Foothills Park & Recreation District Executive Director Ronald Hopp sees some positives in the district’s failed bid for a tax hike May 6, the second rejection by district voters in less than two years.
"Here's a new face of the board, a new majority if you will," Hopp said, referring to himself and the three new board members. "And with a failed election, there's a new edict to evaluate what we do and try to figure out if the direction we're going is the right direction. It's a new era and a new opportunity, and the timing is right to really be able to put it all together and try to make sure we can respond to the needs of the community."
By a vote of 54.3 percent to 45.7 percent, district residents rejected a proposed 3-mill increase to a levy of 10.65 mills, which the district said was needed for capital repairs, equipment replacement, operational costs and maintenance.
The actual vote count was 8,163 opposed and 6,867 in favor, according to Foothills' website.
The 39 percent increase would have cost the owner of a $300,000 home an additional $72 per year. It would have cost an additional $261 per year for the owner of commercial property valued at $300,000.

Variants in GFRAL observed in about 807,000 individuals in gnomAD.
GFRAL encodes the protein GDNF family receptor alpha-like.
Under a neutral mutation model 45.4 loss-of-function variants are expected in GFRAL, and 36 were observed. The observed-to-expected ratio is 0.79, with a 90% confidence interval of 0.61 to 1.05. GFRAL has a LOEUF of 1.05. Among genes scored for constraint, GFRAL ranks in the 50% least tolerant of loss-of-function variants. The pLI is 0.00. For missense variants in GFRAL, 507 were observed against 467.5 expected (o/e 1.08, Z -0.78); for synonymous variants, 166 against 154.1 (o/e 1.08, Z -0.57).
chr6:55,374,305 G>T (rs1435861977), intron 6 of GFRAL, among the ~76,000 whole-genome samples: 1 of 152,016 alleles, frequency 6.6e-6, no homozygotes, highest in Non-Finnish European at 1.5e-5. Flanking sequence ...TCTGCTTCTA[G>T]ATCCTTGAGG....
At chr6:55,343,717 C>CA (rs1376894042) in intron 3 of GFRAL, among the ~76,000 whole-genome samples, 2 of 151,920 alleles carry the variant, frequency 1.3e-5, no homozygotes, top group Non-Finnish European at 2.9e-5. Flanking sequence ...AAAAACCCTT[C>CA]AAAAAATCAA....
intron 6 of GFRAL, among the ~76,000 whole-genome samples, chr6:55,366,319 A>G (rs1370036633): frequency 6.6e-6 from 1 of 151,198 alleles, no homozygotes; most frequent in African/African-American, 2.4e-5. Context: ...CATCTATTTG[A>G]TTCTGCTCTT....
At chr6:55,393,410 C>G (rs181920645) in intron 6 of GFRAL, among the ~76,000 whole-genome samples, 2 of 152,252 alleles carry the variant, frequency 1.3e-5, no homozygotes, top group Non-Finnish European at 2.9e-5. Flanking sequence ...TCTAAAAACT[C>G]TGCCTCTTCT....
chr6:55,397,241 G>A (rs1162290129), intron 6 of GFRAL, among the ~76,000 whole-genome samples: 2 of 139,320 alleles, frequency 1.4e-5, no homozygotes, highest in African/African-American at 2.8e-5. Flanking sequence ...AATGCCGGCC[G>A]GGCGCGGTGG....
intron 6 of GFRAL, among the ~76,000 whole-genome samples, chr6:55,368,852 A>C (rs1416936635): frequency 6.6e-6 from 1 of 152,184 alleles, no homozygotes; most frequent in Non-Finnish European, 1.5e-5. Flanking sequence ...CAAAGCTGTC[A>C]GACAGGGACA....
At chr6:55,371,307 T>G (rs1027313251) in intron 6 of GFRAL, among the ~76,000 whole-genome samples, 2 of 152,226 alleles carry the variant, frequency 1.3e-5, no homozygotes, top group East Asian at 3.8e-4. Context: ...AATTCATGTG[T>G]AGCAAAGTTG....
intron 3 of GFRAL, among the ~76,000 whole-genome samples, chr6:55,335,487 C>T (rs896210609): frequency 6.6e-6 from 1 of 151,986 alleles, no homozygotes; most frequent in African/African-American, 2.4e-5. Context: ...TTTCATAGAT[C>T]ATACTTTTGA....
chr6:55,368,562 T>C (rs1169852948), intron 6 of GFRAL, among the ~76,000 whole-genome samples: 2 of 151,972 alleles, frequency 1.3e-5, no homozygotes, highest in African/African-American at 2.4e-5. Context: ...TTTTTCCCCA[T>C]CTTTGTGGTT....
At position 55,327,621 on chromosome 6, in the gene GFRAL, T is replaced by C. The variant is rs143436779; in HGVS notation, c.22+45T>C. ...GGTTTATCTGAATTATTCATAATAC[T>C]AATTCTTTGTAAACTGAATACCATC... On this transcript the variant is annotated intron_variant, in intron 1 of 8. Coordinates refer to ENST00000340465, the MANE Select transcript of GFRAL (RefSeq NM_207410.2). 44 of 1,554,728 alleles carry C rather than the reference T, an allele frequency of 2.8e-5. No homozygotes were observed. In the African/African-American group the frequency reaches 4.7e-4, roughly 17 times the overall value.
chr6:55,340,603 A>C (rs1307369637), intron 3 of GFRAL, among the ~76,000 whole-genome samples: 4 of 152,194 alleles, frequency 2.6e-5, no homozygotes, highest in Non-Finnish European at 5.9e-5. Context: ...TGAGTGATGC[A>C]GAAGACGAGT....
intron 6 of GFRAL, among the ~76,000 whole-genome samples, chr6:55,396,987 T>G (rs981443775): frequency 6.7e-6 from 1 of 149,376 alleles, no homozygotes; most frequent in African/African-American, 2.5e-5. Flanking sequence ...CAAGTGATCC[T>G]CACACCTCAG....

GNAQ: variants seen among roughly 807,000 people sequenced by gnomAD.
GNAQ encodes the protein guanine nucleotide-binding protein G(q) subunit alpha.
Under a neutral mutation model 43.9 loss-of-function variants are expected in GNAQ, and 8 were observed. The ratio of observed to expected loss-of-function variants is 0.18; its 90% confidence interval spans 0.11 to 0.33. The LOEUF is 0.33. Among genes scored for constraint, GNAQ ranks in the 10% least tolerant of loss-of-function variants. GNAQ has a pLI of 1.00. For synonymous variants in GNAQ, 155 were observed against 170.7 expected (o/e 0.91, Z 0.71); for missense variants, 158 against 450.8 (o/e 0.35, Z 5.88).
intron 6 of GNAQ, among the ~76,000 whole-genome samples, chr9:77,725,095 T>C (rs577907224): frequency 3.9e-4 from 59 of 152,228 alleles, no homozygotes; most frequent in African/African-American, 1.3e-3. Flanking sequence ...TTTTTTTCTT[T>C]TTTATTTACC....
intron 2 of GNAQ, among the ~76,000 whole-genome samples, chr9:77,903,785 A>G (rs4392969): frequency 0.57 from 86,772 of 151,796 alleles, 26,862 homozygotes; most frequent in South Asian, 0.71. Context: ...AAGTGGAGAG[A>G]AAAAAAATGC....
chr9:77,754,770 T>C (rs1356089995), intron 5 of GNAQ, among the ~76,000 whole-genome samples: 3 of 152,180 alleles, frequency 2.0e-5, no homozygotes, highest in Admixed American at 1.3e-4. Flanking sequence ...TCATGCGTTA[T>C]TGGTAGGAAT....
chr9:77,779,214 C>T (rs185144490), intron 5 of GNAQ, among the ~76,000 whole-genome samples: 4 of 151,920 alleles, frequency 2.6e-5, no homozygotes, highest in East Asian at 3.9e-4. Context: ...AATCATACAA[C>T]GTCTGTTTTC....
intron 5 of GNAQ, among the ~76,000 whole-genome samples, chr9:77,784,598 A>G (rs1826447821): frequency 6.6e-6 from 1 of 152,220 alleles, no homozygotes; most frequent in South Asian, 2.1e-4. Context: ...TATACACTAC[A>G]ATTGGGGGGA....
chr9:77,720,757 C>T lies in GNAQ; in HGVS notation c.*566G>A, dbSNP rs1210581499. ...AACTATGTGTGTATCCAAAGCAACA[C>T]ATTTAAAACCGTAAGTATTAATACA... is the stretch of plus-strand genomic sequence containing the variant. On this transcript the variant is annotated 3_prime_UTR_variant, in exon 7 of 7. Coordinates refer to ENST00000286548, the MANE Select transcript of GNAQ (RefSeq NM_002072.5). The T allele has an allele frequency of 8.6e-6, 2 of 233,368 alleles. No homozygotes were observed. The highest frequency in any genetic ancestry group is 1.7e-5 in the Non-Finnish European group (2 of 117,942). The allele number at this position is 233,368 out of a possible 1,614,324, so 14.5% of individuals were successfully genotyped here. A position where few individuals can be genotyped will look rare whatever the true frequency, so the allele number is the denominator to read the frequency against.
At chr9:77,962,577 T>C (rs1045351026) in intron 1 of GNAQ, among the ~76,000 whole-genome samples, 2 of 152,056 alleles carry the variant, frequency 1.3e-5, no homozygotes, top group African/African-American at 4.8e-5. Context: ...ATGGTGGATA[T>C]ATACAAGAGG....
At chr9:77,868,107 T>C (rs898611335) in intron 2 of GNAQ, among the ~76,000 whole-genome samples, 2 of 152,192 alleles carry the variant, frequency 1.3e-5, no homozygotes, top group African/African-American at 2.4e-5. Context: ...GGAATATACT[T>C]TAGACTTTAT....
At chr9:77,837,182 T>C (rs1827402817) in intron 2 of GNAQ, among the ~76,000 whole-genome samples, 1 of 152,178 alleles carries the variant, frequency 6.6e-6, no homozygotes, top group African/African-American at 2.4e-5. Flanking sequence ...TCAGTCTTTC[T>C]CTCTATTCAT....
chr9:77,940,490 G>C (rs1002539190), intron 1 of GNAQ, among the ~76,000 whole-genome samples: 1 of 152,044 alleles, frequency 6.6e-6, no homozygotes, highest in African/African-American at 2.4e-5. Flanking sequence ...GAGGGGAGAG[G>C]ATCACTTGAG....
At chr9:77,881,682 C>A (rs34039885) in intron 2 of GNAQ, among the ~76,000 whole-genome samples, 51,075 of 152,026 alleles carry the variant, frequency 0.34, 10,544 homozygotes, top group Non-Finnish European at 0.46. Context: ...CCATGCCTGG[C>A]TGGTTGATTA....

The district failed in a bid for a 1.5-mill increase in November 2006.
Hopp — whose second day on the job was May 6 — said another tax election in the future is one of several possibilities. Whatever happens going forward, Hopp wants to acknowledge the community’s concerns.
"Obviously, with two failed elections, the residents of the district have some strong feelings about maybe the direction of the district and would like to see some different things," Hopp said.
Voters also elected three new directors to the Foothills board. They are Terri Maulik, Jill Nunes and Keith Sutton. The new board members will hit the ground running, as they begin work this week.
“We're going to have to change the way we do things, for one thing," said district spokesman Yanic LeRolland, referring to a failure to pass the mill levy. "We will not be able to do what we described to the voters in the ballot."
The election cost the district $130,000, LeRolland said. Hopp called it a "necessary evil" since the district wanted to make sure it followed all state laws in conducting special elections.
The district has said it would be forced to make service reductions without the tax increase. The district receives about 70 percent of its current revenues from fees, admissions and rentals, and about 30 percent from taxes. Tax revenues help support parks and trails, while programs such as golf, arts and fitness classes and a range of services are either self-supporting or help support other program areas.
"We will continue to analyze the impact the failed election will have on service," Hopp said. "Obviously there will be some impact on the services we can provide."